In August 2019, the New York Times magazine published the “1619 Project.” This series of essays and articles provided readers with many “facts” that they may not have known: that the American Revolution was fought to preserve slavery; that Abraham Lincoln was a racist; that America’s foundational premise was “slavocracy;” that present-day American wealth is a direct consequence of slavery; and that the essential pattern of our history is not one of unprecedented growth in freedom and democracy but institutional hatred and oppression of blacks.
If you were unfamiliar with these facts, there is good reason—none are true. As National Association of Scholars president Peter W. Wood reveals in 1620: A Critical Response to the 1619 Project, the larger purpose of the Times’s project appears to have been to promote racial grievances and resentment. Most damningly, Wood points out that a Times fact-checker who contacted a radical historian to weigh the claim that the revolution was fought to protect slavery was told that this was nonsense. But the paper ignored that input, and 1619’s creator, Nikole Hannah-Jones, herself recently said that the project was not intended to serve as history (after nearly a year of claiming the opposite).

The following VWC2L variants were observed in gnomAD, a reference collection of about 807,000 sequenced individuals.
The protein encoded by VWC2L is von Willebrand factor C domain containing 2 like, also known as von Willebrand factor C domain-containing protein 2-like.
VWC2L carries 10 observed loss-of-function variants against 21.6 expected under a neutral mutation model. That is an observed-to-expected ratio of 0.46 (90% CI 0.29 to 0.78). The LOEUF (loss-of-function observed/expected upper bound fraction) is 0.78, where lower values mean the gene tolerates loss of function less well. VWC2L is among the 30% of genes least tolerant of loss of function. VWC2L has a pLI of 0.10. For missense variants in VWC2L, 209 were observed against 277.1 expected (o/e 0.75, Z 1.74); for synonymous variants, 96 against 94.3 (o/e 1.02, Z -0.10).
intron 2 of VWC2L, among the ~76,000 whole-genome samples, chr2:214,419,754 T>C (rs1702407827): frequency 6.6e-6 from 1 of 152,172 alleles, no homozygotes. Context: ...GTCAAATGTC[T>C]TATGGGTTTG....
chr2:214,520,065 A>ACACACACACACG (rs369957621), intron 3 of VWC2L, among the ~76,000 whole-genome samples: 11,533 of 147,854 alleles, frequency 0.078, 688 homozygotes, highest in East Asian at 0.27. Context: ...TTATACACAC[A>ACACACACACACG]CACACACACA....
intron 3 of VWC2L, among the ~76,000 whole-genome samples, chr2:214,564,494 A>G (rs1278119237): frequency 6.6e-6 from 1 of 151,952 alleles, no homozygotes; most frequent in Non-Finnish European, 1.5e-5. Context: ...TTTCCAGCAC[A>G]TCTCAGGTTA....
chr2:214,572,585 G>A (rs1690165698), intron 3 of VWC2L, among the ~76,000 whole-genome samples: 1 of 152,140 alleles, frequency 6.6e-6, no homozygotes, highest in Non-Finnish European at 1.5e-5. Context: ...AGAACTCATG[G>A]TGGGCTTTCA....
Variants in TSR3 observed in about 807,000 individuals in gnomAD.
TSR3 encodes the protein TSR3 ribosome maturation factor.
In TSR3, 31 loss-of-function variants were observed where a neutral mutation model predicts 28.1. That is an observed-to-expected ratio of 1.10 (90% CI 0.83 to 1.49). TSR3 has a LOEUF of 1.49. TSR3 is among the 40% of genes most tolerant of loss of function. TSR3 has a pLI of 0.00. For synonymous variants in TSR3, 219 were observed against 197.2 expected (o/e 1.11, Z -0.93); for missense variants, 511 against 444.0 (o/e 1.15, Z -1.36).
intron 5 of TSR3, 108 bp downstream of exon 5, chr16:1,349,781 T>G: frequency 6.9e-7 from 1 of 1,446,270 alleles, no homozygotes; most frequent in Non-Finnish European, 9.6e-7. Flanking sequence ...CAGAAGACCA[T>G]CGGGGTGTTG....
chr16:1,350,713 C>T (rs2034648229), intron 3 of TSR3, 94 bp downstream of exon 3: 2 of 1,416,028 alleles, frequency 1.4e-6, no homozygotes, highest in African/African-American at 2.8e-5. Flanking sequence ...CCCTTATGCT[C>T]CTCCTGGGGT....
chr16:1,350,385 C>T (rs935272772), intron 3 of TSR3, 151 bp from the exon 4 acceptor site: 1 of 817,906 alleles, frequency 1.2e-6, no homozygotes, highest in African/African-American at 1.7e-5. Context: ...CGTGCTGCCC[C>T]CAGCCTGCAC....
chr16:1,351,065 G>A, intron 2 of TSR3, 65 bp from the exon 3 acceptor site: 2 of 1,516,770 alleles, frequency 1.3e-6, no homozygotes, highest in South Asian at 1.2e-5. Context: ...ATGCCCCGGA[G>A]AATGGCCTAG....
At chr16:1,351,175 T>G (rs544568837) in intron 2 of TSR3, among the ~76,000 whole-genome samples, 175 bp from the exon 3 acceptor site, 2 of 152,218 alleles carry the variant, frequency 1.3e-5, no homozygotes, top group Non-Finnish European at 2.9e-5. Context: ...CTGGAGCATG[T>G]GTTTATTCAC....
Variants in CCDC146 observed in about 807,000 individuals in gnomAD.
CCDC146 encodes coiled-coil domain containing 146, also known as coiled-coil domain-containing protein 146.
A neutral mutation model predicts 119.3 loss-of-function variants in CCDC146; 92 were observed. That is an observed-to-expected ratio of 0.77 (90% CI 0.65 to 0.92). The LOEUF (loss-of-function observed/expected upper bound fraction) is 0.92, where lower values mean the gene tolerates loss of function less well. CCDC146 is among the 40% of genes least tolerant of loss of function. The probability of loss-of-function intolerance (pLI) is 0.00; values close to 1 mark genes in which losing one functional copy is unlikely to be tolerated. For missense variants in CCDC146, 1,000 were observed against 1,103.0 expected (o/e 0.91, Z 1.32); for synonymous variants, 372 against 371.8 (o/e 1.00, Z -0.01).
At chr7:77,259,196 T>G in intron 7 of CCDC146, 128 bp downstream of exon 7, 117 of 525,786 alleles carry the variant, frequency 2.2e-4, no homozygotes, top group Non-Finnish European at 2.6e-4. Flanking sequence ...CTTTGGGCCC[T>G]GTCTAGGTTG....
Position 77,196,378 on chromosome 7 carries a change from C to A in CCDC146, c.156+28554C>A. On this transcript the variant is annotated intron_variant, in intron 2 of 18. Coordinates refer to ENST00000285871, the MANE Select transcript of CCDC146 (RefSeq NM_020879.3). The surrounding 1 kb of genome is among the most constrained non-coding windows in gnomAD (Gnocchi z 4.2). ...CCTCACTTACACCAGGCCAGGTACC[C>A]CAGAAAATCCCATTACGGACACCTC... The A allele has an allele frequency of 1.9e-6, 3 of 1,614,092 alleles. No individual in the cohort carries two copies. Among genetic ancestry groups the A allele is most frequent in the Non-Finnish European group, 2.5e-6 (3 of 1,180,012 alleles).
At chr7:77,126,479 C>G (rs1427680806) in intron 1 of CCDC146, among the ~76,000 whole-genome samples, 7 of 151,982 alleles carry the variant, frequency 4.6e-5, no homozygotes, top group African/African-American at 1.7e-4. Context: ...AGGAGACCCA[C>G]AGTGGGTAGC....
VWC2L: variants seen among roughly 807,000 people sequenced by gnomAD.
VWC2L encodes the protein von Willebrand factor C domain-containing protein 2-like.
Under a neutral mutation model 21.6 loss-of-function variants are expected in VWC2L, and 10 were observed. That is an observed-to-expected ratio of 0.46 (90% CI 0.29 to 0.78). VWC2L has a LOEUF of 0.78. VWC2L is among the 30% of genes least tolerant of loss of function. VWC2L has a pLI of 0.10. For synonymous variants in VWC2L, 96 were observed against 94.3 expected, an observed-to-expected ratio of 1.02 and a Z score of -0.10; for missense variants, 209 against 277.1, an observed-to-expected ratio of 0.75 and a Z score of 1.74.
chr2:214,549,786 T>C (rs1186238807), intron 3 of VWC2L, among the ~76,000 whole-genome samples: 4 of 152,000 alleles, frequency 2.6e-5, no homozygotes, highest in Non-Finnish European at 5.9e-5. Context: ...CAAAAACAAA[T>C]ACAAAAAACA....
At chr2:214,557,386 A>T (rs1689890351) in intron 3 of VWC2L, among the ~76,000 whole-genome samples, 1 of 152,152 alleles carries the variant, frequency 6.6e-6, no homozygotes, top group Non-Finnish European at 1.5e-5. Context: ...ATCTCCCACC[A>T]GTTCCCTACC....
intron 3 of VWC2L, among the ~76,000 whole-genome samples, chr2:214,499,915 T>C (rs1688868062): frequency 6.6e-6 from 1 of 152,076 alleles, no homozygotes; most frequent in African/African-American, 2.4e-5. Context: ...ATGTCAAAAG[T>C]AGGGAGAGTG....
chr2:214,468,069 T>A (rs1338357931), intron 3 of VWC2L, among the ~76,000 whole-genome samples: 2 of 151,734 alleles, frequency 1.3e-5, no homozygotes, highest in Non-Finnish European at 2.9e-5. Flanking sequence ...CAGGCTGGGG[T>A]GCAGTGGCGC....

Wood’s 1620 is an extraordinary book. Readers looking for a polemic should be forewarned: it is a learned and thoughtful investigation of the topic, and Wood goes to considerable lengths to give a hearing to Hannah-Jones’s assertions. In doing so, he systematically demolishes all but one of them.